|No, not you!|
It seems there was this company called Beech-Nut. Today you may know it as the premier maker of baby food. Way back when, they made all kinds of stuff. Peanut butter, chewing gum, candy, ham, ketchup, pork and beans, coffee, chewing tobacco—if it could go in a container, Beech-Nut put it there and sold it to the public. After all, they had patented the first vacuum jar, the kind with the gasket at the top, which kept food fresh longer and also made it easier to transport. One product they were especially proud of in the early 1900's was their bacon. Bacon, in a jar!
|Hand-packed—with loving care!|
The trouble was, people just didn't eat all that much bacon back then. It was used to add flavor to other dishes, and sometimes on its own as a side dish, but it just wasn't a regular thing. This, Beech-Nut felt, was a problem. Something had to be done.
Fortunately for them, there was a guy who had just what they needed.
Edward Bernays was a whiz at getting people to do things they didn't want to do. He was pretty familiar with psychology, (being the nephew of Sigmund Freud) and he had gotten famous inventing what he called "public relations." Beech-Nut hired him to create a public demand for bacon.
A now familiar technique, and one that he pioneered for manipulating public opinion, was the indirect use of "third party authorities" to plead his clients' causes.
"If you can influence the leaders, either with or without their conscious cooperation, you automatically influence the group which they sway," he said. He used this to perfection in the cause of Beech-Nut's jarred bacon. He went to a doctor and posed the question: which is better for health, to have a light breakfast or a heartier one? The doctor (who worked for … Beech-Nut … ) said he supposed a heartier breakfast would be healthier. He asked the physician if he would be willing to write 5,000 physicians and ask them whether their opinion was the same. About 4,500 answered back, all concurring that a bigger breakfast was better for the health of the American people than a light breakfast. Which is a little like saying "more money is better than less money," but whatever. Bernays then arranged for this finding to be published in newspapers throughout the country. I'm not talking about paid advertising—I'm talking about articles that looked like legit reportage, with headlines such as "4,500 Physicians Urge Bigger Breakfast." Other articles he placed at the same time, seemingly unrelated, stated that bacon and eggs should be a central part of breakfast—a one-two punch that resulted in? a rise in the sale of bacon.
Pretty hard to imagine a time when people had to be buffaloed into eating bacon, isn't it?
This manufactured love affair has never really stopped, but in 1955, something happened that put the brakes on it, for a little while, at least.
When President Dwight D. "Ike" Eisenhower suffered his heart attack, not only was it front page news, but a real turning point in the American diet. Having a heart attack is not really at the top of anyone's "to do" list; however, today, there are many medical interventions to make it survivable, under certain conditions, and having a normal life after the fact completely do-able. However, back in the '50's, surviving a heart attack was regarded as something that took you out of the game; the only thing prescribed was bed rest, for the rest of your life. Any amount of excitement, it was felt, put the patient at risk.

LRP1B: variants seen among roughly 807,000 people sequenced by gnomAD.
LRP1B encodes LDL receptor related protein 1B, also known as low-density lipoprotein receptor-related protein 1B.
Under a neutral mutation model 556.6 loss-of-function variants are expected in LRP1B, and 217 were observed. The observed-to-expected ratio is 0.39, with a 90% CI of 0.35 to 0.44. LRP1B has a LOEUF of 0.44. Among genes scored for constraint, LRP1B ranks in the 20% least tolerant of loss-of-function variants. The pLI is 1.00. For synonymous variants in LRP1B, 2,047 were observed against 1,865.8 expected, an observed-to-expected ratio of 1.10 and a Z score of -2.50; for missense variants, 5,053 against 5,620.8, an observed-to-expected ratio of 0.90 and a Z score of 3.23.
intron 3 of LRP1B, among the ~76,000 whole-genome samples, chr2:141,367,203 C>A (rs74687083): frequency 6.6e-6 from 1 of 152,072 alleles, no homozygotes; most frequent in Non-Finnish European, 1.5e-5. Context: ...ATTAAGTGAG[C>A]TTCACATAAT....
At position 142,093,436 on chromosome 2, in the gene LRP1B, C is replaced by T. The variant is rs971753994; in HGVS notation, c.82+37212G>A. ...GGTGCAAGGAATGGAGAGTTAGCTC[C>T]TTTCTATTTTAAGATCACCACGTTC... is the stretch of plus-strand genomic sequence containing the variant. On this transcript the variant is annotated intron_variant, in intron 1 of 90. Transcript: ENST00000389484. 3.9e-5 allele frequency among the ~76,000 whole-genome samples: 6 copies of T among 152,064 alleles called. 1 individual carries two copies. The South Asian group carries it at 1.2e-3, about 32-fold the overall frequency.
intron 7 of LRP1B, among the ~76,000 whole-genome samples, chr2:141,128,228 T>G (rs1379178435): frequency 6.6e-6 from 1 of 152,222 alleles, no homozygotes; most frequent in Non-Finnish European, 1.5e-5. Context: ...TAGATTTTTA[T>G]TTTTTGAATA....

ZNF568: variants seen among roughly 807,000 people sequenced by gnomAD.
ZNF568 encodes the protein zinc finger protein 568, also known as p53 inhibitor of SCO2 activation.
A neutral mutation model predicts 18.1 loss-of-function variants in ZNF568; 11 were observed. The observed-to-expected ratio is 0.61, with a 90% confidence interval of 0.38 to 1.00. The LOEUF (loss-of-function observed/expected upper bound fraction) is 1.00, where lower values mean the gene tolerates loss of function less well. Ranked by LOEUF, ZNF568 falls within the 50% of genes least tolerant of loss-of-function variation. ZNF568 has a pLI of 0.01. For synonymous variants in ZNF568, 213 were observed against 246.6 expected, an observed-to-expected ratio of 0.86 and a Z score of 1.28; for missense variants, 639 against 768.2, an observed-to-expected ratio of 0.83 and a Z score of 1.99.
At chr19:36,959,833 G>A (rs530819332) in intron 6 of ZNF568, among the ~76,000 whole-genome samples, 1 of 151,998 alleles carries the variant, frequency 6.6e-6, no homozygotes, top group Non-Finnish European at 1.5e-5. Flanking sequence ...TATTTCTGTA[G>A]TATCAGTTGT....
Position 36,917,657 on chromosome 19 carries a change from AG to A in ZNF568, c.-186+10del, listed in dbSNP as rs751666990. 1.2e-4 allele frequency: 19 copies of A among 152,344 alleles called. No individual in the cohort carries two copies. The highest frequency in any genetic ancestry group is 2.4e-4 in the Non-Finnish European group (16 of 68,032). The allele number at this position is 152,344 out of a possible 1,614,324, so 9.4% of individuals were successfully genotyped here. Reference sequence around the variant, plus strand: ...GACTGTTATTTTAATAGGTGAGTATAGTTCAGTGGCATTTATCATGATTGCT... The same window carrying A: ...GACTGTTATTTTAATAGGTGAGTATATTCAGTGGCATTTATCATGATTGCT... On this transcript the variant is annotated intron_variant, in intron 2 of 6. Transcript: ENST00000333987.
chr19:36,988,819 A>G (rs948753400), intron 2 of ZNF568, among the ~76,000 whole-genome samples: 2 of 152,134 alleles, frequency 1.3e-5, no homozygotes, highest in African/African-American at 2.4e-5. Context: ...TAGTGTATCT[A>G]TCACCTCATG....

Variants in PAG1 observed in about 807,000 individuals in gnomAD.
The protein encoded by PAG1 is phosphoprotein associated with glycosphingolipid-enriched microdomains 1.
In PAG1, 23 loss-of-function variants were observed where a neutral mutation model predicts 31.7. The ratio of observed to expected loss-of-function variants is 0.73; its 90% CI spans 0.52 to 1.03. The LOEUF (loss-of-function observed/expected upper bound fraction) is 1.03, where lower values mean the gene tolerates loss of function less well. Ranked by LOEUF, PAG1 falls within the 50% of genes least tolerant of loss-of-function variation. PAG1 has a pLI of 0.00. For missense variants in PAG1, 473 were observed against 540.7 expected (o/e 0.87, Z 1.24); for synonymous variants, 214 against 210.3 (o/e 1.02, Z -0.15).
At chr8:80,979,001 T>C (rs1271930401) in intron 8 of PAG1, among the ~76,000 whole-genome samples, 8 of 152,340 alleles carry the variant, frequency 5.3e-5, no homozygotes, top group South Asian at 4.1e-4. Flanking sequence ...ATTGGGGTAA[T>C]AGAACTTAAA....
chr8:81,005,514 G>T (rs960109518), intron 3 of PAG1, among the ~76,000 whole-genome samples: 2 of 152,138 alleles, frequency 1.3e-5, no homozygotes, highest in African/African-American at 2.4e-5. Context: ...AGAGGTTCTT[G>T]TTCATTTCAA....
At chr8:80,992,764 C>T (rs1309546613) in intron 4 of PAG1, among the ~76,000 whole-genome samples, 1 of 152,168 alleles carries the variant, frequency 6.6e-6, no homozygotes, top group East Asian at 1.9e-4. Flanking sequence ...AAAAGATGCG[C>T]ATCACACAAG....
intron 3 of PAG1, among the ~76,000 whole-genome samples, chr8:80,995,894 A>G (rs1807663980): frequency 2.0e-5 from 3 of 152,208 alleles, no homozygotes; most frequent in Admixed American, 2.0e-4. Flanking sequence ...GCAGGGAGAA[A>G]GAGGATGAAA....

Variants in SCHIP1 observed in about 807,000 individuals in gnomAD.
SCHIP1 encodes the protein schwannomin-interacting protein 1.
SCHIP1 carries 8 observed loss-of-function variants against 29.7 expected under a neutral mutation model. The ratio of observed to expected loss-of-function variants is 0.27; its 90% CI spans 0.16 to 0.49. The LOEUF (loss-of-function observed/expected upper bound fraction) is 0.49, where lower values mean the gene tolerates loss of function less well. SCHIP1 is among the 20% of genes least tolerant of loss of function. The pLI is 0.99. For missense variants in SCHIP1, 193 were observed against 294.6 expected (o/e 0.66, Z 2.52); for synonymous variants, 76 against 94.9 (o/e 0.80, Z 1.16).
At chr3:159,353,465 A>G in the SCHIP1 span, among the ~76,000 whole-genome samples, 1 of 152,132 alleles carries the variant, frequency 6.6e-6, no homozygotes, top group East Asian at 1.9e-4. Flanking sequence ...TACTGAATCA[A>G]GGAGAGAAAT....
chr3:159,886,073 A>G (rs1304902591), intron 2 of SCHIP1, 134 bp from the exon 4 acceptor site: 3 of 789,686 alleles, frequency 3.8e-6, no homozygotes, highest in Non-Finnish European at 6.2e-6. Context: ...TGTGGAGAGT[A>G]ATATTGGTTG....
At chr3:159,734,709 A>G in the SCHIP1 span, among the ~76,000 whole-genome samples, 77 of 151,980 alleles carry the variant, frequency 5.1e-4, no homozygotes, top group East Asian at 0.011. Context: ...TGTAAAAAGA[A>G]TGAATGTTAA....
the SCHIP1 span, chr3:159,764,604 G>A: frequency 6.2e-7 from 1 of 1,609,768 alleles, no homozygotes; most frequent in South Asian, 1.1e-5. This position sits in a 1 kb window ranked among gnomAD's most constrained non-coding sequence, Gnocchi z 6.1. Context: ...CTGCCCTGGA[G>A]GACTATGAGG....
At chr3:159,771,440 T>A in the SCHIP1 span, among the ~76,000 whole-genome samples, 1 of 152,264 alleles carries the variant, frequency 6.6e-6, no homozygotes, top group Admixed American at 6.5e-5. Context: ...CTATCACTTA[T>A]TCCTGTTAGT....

Eisenhower, former Supreme Commander of the Allied Forces, however, was not the guy who was going to take such a prognosis lying down. He had a re-election to win in 1955, and had no time or patience for bed rest. Ike also wanted to do everything he could to prevent being thought of as an invalid. He decided to publicize the steps he was taking to recover, particularly the dietary changes he was making on the advice of his doctors. They had been ordered by the President to come up with a treatment that would both keep him on his feet and improve his health. Their solution (based on very little scientific evidence, it seems, from what I've been reading) was to create a radical new remedy: the low-fat diet.
|Happier days ...|
Actually, no, that's not what happened. Eisenhower suffered seven heart attacks in total from 1955 until his death by congestive heart failure in 1969, at the age of 78. An autopsy unexpectedly revealed an adrenal pheochromocytoma, a benign adrenaline-secreting tumor that may have made the President more vulnerable to heart disease. Which is really sad to think about. It probably didn't matter at all what the poor guy ate. He could've been using the time he had left stuffing himself full of his favorites, like beef stew, corn pudding, and Mamie's Million Dollar Fudge.
|Mamie and Ike, post-heart attack, presumably.|
The low-fat diet has been, perhaps, the most persistent of weight loss fads. It sounds like logic: eat fat, BE fat! Oh, the artery-clogging, infarction-causing eggs and bacon! Grains, we are told, are the ticket. Whole grains and multi-grains, "heart healthy" grains. The problem is, too often the benefits of whole grains—fiber— is lost to the incredible amount of sugar that is added to make something this good for you taste like candy. And sugar, in the amounts we are unsuspectedly consuming it, is poison.
Unless you are the ones profiting from throwing it into the food supply, then it's the opposite of poison; it's life-sustaining mana from Heaven.
Of course I'm talking about you, McDonalds.
Join us next time for more "Breakfast Epiphanies."